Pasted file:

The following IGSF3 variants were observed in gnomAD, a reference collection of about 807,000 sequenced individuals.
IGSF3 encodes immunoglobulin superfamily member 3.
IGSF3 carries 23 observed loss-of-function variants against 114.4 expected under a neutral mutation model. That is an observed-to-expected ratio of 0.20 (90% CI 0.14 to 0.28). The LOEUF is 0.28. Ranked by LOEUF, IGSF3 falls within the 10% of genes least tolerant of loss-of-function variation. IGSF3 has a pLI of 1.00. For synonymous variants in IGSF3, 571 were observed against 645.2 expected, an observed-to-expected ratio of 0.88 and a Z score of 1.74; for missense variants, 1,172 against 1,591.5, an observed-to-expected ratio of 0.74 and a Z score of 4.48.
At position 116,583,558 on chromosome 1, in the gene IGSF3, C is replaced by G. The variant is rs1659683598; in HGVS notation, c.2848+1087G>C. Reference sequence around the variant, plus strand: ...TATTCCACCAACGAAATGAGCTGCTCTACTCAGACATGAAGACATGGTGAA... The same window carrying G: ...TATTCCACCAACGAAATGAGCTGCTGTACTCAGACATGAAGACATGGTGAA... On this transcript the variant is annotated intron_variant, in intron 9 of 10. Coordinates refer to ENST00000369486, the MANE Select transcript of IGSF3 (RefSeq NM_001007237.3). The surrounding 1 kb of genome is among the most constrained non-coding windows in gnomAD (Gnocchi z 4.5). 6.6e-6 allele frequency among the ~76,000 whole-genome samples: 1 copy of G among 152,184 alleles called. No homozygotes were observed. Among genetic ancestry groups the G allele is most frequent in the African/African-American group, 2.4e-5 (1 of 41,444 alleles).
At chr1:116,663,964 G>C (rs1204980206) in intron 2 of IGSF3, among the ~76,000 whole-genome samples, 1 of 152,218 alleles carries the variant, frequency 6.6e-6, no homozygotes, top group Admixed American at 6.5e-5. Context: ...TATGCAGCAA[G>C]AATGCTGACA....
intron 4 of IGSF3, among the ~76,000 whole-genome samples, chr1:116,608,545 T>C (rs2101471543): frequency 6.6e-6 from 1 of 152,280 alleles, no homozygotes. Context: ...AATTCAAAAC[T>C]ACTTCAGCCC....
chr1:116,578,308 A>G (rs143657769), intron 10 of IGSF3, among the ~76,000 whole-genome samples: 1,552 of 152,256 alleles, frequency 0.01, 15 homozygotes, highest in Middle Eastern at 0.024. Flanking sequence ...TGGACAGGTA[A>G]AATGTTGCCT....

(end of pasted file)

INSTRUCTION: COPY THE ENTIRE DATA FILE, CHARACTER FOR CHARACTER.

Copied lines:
The following IGSF3 variants were observed in gnomAD, a reference collection of about 807,000 sequenced individuals.
IGSF3 encodes immunoglobulin superfamily member 3.
IGSF3 carries 23 observed loss-of-function variants against 114.4 expected under a neutral mutation model. That is an observed-to-expected ratio of 0.20 (90% CI 0.14 to 0.28). The LOEUF is 0.28. Ranked by LOEUF, IGSF3 falls within the 10% of genes least tolerant of loss-of-function variation. IGSF3 has a pLI of 1.00. For synonymous variants in IGSF3, 571 were observed against 645.2 expected, an observed-to-expected ratio of 0.88 and a Z score of 1.74; for missense variants, 1,172 against 1,591.5, an observed-to-expected ratio of 0.74 and a Z score of 4.48.
At position 116,583,558 on chromosome 1, in the gene IGSF3, C is replaced by G. The variant is rs1659683598; in HGVS notation, c.2848+1087G>C. Reference sequence around the variant, plus strand: ...TATTCCACCAACGAAATGAGCTGCTCTACTCAGACATGAAGACATGGTGAA... The same window carrying G: ...TATTCCACCAACGAAATGAGCTGCTGTACTCAGACATGAAGACATGGTGAA... On this transcript the variant is annotated intron_variant, in intron 9 of 10. Coordinates refer to ENST00000369486, the MANE Select transcript of IGSF3 (RefSeq NM_001007237.3). The surrounding 1 kb of genome is among the most constrained non-coding windows in gnomAD (Gnocchi z 4.5). 6.6e-6 allele frequency among the ~76,000 whole-genome samples: 1 copy of G among 152,184 alleles called. No homozygotes were observed. Among genetic ancestry groups the G allele is most frequent in the African/African-American group, 2.4e-5 (1 of 41,444 alleles).
At chr1:116,663,964 G>C (rs1204980206) in intron 2 of IGSF3, among the ~76,000 whole-genome samples, 1 of 152,218 alleles carries the variant, frequency 6.6e-6, no homozygotes, top group Admixed American at 6.5e-5. Context: ...TATGCAGCAA[G>C]AATGCTGACA....
intron 4 of IGSF3, among the ~76,000 whole-genome samples, chr1:116,608,545 T>C (rs2101471543): frequency 6.6e-6 from 1 of 152,280 alleles, no homozygotes. Context: ...AATTCAAAAC[T>C]ACTTCAGCCC....
chr1:116,578,308 A>G (rs143657769), intron 10 of IGSF3, among the ~76,000 whole-genome samples: 1,552 of 152,256 alleles, frequency 0.01, 15 homozygotes, highest in Middle Eastern at 0.024. Flanking sequence ...TGGACAGGTA[A>G]AATGTTGCCT....